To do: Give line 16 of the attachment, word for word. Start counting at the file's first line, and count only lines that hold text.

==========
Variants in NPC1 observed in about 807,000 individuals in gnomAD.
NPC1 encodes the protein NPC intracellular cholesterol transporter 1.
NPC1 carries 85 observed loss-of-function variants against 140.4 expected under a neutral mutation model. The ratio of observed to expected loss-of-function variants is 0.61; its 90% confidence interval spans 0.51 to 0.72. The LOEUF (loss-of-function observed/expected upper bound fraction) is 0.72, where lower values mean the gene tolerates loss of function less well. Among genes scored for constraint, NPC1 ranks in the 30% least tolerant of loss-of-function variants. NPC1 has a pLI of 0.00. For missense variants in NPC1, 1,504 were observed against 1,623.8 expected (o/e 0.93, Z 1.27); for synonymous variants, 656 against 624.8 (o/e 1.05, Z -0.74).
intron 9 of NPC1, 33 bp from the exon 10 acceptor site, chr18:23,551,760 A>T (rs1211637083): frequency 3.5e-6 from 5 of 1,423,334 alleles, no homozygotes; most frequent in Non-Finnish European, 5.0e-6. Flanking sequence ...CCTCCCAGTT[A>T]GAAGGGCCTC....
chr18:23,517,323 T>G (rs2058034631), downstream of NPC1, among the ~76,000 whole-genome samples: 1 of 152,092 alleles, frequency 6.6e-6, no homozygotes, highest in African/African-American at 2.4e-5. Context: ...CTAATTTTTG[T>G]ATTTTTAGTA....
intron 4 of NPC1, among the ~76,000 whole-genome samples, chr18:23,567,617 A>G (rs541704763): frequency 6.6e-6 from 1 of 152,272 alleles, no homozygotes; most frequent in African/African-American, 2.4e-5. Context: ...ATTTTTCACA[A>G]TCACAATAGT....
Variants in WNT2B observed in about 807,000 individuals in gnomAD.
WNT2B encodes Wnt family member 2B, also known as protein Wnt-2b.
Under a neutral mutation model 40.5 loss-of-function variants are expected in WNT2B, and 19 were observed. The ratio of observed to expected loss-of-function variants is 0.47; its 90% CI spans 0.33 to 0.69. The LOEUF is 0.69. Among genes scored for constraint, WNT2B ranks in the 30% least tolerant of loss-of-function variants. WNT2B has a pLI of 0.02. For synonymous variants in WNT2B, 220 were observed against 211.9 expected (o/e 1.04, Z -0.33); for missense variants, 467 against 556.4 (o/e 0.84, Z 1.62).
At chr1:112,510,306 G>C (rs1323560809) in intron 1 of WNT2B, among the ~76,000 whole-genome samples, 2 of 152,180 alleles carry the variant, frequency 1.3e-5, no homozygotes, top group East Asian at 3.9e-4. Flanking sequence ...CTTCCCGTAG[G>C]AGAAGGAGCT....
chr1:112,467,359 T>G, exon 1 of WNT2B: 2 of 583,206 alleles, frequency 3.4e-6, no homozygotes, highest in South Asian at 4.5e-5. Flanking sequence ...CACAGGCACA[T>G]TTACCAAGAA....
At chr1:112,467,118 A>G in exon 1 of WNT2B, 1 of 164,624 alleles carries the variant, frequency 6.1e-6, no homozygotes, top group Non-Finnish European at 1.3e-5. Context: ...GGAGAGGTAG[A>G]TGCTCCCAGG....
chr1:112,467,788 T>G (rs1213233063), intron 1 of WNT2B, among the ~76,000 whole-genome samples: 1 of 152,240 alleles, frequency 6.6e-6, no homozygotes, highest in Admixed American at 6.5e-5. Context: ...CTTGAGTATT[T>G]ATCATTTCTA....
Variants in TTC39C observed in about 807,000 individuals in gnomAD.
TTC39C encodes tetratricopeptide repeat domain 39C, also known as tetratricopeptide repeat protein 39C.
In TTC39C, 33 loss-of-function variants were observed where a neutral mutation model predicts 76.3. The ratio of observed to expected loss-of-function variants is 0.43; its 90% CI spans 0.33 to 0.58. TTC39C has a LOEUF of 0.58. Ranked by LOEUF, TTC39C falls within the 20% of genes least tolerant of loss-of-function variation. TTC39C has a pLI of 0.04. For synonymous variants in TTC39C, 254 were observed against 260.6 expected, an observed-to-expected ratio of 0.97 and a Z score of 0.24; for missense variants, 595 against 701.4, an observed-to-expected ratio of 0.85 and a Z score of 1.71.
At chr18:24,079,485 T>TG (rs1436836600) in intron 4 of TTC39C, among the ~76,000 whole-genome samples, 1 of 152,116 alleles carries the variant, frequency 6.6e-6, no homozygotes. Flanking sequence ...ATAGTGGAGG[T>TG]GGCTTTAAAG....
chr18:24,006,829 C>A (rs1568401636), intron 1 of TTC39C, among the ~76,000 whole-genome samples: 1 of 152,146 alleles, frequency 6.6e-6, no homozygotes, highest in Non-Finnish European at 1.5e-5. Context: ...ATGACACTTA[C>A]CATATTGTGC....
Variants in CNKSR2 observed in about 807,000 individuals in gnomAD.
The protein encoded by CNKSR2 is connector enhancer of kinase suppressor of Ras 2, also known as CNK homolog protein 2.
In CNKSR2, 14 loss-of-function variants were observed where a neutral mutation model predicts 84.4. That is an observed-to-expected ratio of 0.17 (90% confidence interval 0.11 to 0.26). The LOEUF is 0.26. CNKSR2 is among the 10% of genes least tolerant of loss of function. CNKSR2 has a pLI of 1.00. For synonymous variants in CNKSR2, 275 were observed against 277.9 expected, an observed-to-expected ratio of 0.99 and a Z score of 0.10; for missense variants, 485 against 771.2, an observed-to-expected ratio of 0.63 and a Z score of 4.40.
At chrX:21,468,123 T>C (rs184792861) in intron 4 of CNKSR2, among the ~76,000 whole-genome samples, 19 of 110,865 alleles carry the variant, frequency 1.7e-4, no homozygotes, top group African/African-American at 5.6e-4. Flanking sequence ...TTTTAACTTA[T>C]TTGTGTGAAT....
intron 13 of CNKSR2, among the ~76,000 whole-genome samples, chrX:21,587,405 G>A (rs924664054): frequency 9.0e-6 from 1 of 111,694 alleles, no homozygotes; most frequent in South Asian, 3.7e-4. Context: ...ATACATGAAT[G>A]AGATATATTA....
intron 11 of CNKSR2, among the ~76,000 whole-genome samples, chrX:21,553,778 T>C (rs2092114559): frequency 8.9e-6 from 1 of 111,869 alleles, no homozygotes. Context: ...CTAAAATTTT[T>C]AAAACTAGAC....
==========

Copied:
In TTC39C, 33 loss-of-function variants were observed where a neutral mutation model predicts 76.3. The ratio of observed to expected loss-of-function variants is 0.43; its 90% CI spans 0.33 to 0.58. TTC39C has a LOEUF of 0.58. Ranked by LOEUF, TTC39C falls within the 20% of genes least tolerant of loss-of-function variation. TTC39C has a pLI of 0.04. For synonymous variants in TTC39C, 254 were observed against 260.6 expected, an observed-to-expected ratio of 0.97 and a Z score of 0.24; for missense variants, 595 against 701.4, an observed-to-expected ratio of 0.85 and a Z score of 1.71.